There are numerous players who are getting closer and their day may come; the likes of Mark Webster, Paul Nicholson, Adrian Lewis, Colin Osborne, & Mark Walsh have the look of future champions. And though time my be running out for Terry Jenkins, Kevin Painter, Andy Hamilton & Mervyn King each has the pedigree to become world champion. However the longer format separates the men from the boys where consistency allied with nerve is the key – high quality matches will be won by the narrowest margins by the most nerveless player and with this in mind my four potential world-champions-who-are-not-Taylor are:-

1. Raymond van Barneveld - relaxed & revitalised World Cup winner a couple of weeks ago and one with the pedigree to win another world title. In the opposite half to Taylor and once again my shout as The Man most likely.
2. James Wade – there is no doubt that he will become world champion one day and there is no reason why it can’t be this year. Also in the opposite half to Taylor but arguably the tougher half despite this.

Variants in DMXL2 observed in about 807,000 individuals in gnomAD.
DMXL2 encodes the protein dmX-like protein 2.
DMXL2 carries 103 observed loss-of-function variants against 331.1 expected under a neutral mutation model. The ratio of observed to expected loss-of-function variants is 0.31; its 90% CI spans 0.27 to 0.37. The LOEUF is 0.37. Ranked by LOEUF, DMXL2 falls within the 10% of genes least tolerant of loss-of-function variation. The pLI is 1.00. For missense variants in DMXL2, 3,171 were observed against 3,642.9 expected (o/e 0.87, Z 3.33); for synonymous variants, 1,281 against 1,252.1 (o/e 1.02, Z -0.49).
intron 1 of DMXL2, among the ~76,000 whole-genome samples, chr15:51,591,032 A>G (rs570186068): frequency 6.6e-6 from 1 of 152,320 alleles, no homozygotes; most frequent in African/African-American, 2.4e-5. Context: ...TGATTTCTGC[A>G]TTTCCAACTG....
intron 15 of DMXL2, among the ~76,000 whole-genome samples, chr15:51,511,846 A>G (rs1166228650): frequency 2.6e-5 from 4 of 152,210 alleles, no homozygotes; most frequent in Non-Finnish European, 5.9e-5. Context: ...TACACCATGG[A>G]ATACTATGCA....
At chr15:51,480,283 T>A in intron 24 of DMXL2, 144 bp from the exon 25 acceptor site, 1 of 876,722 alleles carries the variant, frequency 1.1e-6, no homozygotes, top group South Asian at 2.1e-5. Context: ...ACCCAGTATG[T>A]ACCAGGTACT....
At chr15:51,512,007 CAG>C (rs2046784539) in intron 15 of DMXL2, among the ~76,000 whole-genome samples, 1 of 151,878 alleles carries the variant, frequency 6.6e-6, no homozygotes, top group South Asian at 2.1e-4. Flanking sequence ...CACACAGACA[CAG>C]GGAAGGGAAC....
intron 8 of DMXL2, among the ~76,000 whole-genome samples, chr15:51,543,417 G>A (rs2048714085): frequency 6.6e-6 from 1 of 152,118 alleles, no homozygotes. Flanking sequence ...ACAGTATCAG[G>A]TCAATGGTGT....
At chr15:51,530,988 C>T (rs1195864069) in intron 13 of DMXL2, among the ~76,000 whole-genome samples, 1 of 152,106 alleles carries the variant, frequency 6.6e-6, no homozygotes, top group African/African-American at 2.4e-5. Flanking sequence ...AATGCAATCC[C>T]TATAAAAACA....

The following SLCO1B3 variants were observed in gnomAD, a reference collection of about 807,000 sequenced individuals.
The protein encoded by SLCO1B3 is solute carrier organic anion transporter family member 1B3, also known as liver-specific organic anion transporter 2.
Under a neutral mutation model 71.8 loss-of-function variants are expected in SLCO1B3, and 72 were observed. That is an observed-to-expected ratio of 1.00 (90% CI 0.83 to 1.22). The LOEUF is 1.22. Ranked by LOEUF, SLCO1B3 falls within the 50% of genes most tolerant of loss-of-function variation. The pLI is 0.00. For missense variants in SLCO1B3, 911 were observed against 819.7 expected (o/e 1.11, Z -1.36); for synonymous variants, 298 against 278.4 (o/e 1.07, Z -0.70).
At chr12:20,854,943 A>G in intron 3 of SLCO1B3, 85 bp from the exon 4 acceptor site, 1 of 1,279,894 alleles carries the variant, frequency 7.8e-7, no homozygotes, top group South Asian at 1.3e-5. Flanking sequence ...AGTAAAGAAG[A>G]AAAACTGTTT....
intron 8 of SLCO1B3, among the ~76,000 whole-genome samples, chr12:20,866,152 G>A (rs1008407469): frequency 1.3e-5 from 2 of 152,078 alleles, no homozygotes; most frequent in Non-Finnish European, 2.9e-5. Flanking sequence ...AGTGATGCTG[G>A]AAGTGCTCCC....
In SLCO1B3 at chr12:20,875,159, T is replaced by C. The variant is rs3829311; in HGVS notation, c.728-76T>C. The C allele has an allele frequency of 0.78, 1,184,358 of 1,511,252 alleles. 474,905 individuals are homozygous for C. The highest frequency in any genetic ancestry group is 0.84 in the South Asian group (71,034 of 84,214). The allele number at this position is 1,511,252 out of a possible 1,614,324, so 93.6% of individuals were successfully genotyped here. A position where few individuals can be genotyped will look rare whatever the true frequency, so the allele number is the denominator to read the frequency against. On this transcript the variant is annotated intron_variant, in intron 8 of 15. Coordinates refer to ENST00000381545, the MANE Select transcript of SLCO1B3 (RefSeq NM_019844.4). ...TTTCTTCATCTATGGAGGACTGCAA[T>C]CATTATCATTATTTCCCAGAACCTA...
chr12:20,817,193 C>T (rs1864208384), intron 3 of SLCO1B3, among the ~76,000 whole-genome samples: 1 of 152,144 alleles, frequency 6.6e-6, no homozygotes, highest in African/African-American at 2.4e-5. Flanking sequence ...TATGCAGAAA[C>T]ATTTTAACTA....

3. Simon Whitlock – in the form of his life, beaten finalist last year (giving Taylor a real scare) and easily could go one better. Has the temperament and the long format consistency. He’s my only pick in the same half of the draw as Taylor.
4. Gary Anderson – suspect temperament and sometimes struggles to motivate himself but if he can box those nerves and hit his doubles there are few to match his 180 scoring. Over long distances this really counts and few can live with him when his eye is in. I feel he will win this one year and the years are running out for this late developer.